Our children will live in peace. And their children will enjoy the fruits of their inheritance. This is the triumph of people and of politics. This is the achievement of democracy. The great achievement of Ireland and the great blessing of peace.

There are no finer words with which to finish and upon which to say: In history, in politics and in life, there are no ends, only new beginnings.

Let us begin.

Go raibh mile maith agaibh.
A thousand thanks to you.

Read the full speech......

Ireland Homecoming - #1 Glanduff Co Mayo Cead Mile Failte

The journey home started Mar 14th on a Aer Lingus flight from LAX. Feeling excited and a little anxious. Twelve hours later we land in Dublin. We need to clear customs and catch our plane to Shannon. We have less than two hours to get to our plane. It's not looking good. Customs is moving at a snails pace and airport personnel are not interested in hearing about making your next flight. An hour and forty five minutes later we have cleared custom and we're told we need to RUN to catch our flight and it's a good ten minute Run and they can't hold the plane. OK we bolt thru the airport with my 10 year old daughter in the lead. I'm sweating but running like OJ in a old Avis commercial. Ten minutes later still running but we see the gate and we just barely make it.

We sweat the whole forty five minutes to Shannon but it's all good, we made our flight. We arrive and now it's the next challenge. I have to drive three hours to Foxford. Normally no big thing but I'm exhausted, very little sleep, still tired from our run and I have to quickly adapt to driving on the other side of the road and drive from the other side of the car. I won't say the wrong side but not my comfort zone. I think I'm up for it but first I get lost looking for my rental car in the parking lot. Not a good sign. I find it and hey I'm in Ireland. I'm cool. So I start out of the airport and it's taking all my attention to not drive on the wrong side of the road. I'm not doing bad and then I run into my first roundabout....... Okay I got to read four signs very quickly and they are in two languages and I'm on overwhelm. My wife is trying to help but I am stressed big time and let's say we are both a little testy at this point. Fun, fun fun except if you're the driver and I'm the driver. The look on my face would have made a good YouTube video. Well I survived my first roundabout but there were many more to come. Next up was a narrow and I mean narrow road with rock walls on both sides and a bus coming in my direction going at least seventy and I got no room to move over. If I could have I would have closed my eyes and prayed but somehow the bus doesn't hit us. I've lose all sense of space and physics. I'm in Ireland.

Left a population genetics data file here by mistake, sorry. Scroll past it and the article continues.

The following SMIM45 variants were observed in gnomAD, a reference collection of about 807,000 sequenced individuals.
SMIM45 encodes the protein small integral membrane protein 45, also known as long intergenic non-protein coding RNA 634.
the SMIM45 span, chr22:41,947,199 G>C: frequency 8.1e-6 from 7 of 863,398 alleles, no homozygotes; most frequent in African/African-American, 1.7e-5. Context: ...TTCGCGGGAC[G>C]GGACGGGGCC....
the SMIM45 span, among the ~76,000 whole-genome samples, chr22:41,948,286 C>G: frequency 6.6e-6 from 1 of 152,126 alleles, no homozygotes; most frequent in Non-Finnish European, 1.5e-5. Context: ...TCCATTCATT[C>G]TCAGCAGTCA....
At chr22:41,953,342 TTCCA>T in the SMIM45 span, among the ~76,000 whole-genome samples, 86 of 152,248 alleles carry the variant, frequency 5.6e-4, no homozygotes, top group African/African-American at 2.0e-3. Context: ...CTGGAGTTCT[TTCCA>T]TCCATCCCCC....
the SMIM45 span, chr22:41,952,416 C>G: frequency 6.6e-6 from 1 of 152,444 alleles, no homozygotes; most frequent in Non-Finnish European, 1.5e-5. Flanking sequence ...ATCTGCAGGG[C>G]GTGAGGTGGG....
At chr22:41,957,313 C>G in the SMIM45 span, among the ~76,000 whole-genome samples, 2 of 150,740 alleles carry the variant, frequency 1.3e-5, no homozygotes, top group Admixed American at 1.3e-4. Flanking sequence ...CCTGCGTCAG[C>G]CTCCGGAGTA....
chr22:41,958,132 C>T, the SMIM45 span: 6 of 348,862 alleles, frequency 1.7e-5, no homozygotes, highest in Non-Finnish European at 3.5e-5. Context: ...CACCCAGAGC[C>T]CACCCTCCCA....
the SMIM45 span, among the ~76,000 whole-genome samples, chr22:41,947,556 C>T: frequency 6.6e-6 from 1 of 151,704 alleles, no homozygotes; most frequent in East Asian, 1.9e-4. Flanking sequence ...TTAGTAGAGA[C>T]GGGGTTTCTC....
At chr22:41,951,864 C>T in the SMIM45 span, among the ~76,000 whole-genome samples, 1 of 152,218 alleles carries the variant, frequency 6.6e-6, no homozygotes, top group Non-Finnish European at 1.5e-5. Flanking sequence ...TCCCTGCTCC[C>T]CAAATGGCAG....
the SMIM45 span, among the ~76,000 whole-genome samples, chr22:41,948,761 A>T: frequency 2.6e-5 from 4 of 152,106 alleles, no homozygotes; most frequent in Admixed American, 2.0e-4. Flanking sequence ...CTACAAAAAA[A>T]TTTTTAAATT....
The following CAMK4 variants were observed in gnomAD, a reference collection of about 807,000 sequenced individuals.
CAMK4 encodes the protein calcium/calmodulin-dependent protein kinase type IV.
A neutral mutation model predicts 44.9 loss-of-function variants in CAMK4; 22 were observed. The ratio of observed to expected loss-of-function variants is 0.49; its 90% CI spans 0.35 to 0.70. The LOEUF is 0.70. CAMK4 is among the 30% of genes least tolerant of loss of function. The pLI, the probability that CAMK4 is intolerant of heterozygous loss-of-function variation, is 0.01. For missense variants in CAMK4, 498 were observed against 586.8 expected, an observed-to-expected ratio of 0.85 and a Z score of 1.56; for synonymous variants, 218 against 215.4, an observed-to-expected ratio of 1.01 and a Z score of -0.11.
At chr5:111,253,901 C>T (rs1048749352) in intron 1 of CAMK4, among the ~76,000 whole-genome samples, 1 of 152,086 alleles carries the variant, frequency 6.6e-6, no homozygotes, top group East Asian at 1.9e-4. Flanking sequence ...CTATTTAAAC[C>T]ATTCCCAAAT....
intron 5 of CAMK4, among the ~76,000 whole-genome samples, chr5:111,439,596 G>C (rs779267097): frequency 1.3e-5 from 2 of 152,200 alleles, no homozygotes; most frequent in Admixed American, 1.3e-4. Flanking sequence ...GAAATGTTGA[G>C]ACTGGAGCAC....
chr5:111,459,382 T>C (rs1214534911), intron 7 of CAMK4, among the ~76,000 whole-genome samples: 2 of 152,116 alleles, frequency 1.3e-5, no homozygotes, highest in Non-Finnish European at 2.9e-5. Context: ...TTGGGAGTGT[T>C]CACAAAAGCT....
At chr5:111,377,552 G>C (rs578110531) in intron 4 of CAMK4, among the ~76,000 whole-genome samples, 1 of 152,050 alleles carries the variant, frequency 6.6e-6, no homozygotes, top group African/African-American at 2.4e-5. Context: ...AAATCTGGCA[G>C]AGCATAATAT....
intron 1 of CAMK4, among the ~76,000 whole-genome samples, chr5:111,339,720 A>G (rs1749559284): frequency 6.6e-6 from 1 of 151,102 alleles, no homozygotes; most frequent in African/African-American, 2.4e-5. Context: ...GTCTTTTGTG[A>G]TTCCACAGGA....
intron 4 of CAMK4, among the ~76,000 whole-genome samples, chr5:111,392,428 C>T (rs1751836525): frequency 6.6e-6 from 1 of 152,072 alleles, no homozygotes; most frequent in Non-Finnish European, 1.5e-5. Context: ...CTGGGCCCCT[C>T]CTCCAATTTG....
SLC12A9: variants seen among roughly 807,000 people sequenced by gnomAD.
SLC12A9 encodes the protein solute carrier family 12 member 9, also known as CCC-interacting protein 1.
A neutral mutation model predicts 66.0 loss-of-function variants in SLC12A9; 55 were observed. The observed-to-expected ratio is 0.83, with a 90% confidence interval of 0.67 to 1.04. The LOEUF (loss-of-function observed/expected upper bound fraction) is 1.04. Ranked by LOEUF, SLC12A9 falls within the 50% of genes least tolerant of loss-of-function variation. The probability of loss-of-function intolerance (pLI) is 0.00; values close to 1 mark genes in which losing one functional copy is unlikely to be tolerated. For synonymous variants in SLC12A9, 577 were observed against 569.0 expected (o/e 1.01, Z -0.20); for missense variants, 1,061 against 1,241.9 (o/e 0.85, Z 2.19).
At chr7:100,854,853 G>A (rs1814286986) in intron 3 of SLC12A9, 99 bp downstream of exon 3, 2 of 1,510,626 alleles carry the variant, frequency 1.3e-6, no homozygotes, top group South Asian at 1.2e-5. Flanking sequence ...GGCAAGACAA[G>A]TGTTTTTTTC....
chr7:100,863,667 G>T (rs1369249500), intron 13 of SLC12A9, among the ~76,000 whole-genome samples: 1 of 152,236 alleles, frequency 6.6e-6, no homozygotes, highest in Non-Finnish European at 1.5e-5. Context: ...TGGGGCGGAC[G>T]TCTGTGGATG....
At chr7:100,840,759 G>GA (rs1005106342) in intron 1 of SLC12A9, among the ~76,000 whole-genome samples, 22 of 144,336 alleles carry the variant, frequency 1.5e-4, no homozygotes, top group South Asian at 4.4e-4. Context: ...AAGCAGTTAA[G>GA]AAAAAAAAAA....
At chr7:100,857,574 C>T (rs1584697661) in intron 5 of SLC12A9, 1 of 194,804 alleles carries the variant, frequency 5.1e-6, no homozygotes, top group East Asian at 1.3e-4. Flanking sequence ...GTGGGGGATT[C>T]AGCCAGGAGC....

Finally four hours later we arrive in Foxford and I'm happy to get out of the car. We greet my second cousin Sharon who made this miracle reunion possible. We meet her family. They have traveled from the UK to the reunion, also a long trip for them.My niece and her family has arrived already from New Jersey and we greet them. We later meet Sharon's dad and my first cousin and his wife. They also travelled from the UK a few days earlier to organize the event. We are all very happy to finally meet in person for the first time. Finally we decide that my niece Jennifer, my cousin Tony and my second cousin Sharon and myself will go up the hill tonight to meet my Aunt Maggie and my cousin Marie. Our spouses will stay with the six kids. I'm exhausted having not slept in twenty so hours but I'm used to long hours on a film set so I'm not going to let a little exhaustion get in my way.

We arrive on top of the hill after a fifteen minute drive. The door opens and I see my 94 year old Aunt Maggie. It's a very emotional reunion. She's crying, my niece is crying and I'm crying and we are hugging each other and all talking at the same time about the miracle that brought us back together........

To be continued.........

Six Degrees of Separation - Optimism

I post this article because over 20 years ago when I was a anti-arson organizer for the People's Firehouse in Brooklyn I used to play basketball with NYC Comptroller Bill Thompson. It's truly amazing to see him with two lifelong enemies from Northern Ireland coming together to make a better life for both Catholics and Protestants in Northern Ireland. I just returned from visiting Northern Ireland for the first time in my life and hearing about the improvement the peace process has made in Northern Ireland. A testimony to optimism and how people can work together.......

NYC Pledges Millions for North
April 16, 2008
By April Drew

FIRST Minister of Northern Ireland Dr. Ian Paisley and Deputy First Minister Martin McGuinness were in New York on Friday welcoming the announcement of a $150 million investment from New York Pension Funds to Northern Ireland.

New York City Comptroller William C. Thompson announced the largest U.S. investment to date since the peace process in the north at his office.

Thompson, chief advisor to the New York City Pension Funds, committed to investing $150 million with the potential of eventually reaching $750 million.

“This announcement follows the Pension Funds’ longstanding, 20-year commitment to promoting peace and equality of opportunity for all in Northern Ireland,” he said......